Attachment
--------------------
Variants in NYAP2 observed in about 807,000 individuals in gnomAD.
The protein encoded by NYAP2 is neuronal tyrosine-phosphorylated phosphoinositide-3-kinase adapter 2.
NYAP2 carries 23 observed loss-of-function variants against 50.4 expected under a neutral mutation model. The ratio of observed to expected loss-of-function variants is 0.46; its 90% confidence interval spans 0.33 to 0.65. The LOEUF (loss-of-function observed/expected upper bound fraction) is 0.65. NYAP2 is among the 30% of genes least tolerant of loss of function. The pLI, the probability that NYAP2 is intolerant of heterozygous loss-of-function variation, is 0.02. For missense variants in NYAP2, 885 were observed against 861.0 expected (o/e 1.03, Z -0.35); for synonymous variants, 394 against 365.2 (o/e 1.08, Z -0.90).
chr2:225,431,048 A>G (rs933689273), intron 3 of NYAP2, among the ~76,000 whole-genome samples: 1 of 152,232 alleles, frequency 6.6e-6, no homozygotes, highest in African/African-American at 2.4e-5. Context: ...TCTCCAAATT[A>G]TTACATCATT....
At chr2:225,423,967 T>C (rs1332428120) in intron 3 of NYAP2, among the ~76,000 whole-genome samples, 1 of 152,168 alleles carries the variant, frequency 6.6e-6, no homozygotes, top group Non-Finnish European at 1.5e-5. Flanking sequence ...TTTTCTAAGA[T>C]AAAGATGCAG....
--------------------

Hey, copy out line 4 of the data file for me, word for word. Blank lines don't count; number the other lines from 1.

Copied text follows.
chr2:225,431,048 A>G (rs933689273), intron 3 of NYAP2, among the ~76,000 whole-genome samples: 1 of 152,232 alleles, frequency 6.6e-6, no homozygotes, highest in African/African-American at 2.4e-5. Context: ...TCTCCAAATT[A>G]TTACATCATT....